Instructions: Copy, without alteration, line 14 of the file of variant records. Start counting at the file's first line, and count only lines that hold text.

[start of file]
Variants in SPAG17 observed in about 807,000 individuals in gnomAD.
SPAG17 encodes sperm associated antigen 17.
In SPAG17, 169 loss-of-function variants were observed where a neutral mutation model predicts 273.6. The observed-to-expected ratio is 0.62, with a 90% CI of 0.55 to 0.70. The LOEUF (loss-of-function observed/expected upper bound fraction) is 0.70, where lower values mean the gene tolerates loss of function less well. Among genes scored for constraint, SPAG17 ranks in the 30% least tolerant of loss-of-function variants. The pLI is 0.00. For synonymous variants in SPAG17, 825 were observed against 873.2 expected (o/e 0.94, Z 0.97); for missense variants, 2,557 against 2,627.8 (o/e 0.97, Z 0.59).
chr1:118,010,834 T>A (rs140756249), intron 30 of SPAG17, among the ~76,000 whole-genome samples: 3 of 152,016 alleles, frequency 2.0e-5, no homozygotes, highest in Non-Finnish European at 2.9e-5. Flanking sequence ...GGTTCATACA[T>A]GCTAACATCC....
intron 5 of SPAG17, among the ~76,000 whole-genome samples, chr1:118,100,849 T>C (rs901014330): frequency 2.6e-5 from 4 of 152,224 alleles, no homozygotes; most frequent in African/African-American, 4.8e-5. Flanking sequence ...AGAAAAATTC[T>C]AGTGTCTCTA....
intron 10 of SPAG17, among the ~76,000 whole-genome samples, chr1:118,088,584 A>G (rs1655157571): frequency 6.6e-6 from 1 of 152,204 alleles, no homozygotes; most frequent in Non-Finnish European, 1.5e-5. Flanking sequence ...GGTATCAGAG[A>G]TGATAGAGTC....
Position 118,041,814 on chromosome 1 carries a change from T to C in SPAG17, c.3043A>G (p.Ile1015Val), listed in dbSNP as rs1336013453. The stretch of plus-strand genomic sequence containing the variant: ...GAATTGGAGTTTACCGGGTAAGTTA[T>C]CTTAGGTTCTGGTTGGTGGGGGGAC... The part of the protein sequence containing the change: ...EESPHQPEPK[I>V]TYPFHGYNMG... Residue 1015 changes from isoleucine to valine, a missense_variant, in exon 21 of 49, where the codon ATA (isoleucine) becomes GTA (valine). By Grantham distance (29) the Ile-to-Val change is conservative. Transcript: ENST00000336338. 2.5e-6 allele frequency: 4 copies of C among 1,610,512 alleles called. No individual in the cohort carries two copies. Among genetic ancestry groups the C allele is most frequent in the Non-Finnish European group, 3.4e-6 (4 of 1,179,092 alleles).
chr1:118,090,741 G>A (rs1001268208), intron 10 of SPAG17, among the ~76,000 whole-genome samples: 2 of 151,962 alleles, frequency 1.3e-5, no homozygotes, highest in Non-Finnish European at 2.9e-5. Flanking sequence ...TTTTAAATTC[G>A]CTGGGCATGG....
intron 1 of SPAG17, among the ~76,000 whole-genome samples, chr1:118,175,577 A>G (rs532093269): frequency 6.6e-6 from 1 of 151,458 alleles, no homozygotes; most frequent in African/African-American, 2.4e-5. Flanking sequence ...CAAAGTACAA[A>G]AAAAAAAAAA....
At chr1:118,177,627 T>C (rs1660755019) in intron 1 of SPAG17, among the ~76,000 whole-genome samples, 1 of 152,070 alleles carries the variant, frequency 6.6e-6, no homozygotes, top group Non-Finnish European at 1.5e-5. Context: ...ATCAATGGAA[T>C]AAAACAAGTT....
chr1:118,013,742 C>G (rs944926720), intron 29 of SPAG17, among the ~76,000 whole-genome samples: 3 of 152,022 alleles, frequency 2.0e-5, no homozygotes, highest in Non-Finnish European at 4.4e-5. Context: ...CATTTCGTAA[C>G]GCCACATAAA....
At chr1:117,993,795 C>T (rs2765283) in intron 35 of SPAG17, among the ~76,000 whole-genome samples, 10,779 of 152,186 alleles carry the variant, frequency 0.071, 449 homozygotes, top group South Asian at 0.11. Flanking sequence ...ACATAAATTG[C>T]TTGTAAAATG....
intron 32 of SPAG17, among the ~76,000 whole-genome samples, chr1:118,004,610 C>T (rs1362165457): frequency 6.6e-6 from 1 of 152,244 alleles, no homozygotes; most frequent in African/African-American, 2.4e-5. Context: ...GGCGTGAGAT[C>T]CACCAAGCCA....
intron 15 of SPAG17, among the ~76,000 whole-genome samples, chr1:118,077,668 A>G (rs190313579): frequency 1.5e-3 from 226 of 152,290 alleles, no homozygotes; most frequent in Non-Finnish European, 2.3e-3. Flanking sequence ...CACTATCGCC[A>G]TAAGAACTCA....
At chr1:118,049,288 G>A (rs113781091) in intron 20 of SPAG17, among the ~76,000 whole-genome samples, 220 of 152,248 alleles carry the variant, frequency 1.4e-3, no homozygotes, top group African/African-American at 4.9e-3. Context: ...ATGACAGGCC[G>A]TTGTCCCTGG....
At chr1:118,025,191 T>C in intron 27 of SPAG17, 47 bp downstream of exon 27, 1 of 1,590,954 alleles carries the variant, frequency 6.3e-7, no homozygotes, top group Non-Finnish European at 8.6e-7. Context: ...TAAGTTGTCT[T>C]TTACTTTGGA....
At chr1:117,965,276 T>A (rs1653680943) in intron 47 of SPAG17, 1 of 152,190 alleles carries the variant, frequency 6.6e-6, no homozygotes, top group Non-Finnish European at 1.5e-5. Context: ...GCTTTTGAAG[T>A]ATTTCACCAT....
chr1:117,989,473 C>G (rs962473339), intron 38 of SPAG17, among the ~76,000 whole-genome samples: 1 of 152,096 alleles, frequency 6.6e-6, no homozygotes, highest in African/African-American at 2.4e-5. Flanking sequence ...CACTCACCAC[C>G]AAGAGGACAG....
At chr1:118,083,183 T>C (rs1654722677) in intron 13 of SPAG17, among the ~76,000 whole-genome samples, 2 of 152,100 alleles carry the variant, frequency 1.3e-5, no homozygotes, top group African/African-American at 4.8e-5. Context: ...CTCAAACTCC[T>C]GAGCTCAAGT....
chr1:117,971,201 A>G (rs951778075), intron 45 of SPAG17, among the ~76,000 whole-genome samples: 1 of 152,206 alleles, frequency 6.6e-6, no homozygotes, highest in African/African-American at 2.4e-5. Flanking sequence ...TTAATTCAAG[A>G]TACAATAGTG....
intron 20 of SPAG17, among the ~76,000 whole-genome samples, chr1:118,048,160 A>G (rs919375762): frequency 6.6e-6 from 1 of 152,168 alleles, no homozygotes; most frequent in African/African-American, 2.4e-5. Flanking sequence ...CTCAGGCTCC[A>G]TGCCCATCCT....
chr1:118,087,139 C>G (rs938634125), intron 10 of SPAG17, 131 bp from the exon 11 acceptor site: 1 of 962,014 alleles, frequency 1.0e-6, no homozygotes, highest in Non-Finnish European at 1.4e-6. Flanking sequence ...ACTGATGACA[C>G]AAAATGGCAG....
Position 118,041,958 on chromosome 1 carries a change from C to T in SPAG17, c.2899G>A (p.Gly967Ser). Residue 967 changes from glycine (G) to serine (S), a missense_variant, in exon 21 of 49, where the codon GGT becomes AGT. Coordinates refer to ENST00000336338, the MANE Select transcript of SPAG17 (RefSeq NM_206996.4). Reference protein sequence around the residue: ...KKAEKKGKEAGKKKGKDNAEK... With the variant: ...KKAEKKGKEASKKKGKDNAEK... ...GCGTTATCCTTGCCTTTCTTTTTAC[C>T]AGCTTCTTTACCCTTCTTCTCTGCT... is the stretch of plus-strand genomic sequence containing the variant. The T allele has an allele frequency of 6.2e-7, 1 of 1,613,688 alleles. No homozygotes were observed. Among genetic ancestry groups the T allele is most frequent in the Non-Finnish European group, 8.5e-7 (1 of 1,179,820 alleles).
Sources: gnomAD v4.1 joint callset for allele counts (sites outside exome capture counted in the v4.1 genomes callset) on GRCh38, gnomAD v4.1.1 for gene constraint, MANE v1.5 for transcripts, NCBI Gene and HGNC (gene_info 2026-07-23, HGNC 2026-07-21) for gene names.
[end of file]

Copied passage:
intron 15 of SPAG17, among the ~76,000 whole-genome samples, chr1:118,077,668 A>G (rs190313579): frequency 1.5e-3 from 226 of 152,290 alleles, no homozygotes; most frequent in Non-Finnish European, 2.3e-3. Flanking sequence ...CACTATCGCC[A>G]TAAGAACTCA....